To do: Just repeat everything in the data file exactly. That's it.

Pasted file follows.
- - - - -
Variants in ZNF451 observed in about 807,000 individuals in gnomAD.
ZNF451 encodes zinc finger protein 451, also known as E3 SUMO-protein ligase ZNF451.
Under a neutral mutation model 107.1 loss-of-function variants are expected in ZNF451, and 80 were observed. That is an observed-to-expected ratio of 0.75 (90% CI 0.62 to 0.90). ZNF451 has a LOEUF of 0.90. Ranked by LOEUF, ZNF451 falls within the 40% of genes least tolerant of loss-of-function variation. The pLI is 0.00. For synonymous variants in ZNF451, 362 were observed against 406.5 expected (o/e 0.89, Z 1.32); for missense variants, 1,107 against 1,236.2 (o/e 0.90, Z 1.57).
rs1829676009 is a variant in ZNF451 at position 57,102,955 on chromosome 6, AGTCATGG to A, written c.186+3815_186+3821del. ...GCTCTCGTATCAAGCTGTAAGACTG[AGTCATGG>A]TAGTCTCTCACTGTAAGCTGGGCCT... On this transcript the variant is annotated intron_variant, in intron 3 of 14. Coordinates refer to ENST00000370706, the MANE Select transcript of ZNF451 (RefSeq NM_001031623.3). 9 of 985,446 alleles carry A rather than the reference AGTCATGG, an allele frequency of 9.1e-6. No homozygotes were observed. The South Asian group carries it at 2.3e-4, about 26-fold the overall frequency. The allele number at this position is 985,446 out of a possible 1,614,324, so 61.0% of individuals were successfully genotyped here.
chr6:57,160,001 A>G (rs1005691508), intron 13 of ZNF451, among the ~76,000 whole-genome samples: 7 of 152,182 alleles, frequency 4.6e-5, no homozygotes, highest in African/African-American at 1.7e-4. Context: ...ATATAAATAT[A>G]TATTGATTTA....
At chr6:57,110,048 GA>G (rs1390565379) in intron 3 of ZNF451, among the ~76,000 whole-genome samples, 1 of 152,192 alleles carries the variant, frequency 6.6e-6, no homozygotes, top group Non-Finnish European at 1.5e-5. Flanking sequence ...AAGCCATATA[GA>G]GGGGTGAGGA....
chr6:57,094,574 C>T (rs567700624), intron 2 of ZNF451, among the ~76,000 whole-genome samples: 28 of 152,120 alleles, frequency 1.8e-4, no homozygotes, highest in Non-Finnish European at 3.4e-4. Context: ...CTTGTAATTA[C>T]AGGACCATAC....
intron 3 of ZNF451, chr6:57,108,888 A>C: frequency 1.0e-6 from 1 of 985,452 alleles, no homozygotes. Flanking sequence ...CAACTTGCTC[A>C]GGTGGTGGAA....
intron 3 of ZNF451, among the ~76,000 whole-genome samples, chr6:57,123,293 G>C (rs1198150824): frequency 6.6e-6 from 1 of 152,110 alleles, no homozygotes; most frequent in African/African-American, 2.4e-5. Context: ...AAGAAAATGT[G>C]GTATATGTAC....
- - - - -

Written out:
Variants in ZNF451 observed in about 807,000 individuals in gnomAD.
ZNF451 encodes zinc finger protein 451, also known as E3 SUMO-protein ligase ZNF451.
Under a neutral mutation model 107.1 loss-of-function variants are expected in ZNF451, and 80 were observed. That is an observed-to-expected ratio of 0.75 (90% CI 0.62 to 0.90). ZNF451 has a LOEUF of 0.90. Ranked by LOEUF, ZNF451 falls within the 40% of genes least tolerant of loss-of-function variation. The pLI is 0.00. For synonymous variants in ZNF451, 362 were observed against 406.5 expected (o/e 0.89, Z 1.32); for missense variants, 1,107 against 1,236.2 (o/e 0.90, Z 1.57).
rs1829676009 is a variant in ZNF451 at position 57,102,955 on chromosome 6, AGTCATGG to A, written c.186+3815_186+3821del. ...GCTCTCGTATCAAGCTGTAAGACTG[AGTCATGG>A]TAGTCTCTCACTGTAAGCTGGGCCT... On this transcript the variant is annotated intron_variant, in intron 3 of 14. Coordinates refer to ENST00000370706, the MANE Select transcript of ZNF451 (RefSeq NM_001031623.3). 9 of 985,446 alleles carry A rather than the reference AGTCATGG, an allele frequency of 9.1e-6. No homozygotes were observed. The South Asian group carries it at 2.3e-4, about 26-fold the overall frequency. The allele number at this position is 985,446 out of a possible 1,614,324, so 61.0% of individuals were successfully genotyped here.
chr6:57,160,001 A>G (rs1005691508), intron 13 of ZNF451, among the ~76,000 whole-genome samples: 7 of 152,182 alleles, frequency 4.6e-5, no homozygotes, highest in African/African-American at 1.7e-4. Context: ...ATATAAATAT[A>G]TATTGATTTA....
At chr6:57,110,048 GA>G (rs1390565379) in intron 3 of ZNF451, among the ~76,000 whole-genome samples, 1 of 152,192 alleles carries the variant, frequency 6.6e-6, no homozygotes, top group Non-Finnish European at 1.5e-5. Flanking sequence ...AAGCCATATA[GA>G]GGGGTGAGGA....
chr6:57,094,574 C>T (rs567700624), intron 2 of ZNF451, among the ~76,000 whole-genome samples: 28 of 152,120 alleles, frequency 1.8e-4, no homozygotes, highest in Non-Finnish European at 3.4e-4. Context: ...CTTGTAATTA[C>T]AGGACCATAC....
intron 3 of ZNF451, chr6:57,108,888 A>C: frequency 1.0e-6 from 1 of 985,452 alleles, no homozygotes. Flanking sequence ...CAACTTGCTC[A>C]GGTGGTGGAA....
intron 3 of ZNF451, among the ~76,000 whole-genome samples, chr6:57,123,293 G>C (rs1198150824): frequency 6.6e-6 from 1 of 152,110 alleles, no homozygotes; most frequent in African/African-American, 2.4e-5. Context: ...AAGAAAATGT[G>C]GTATATGTAC....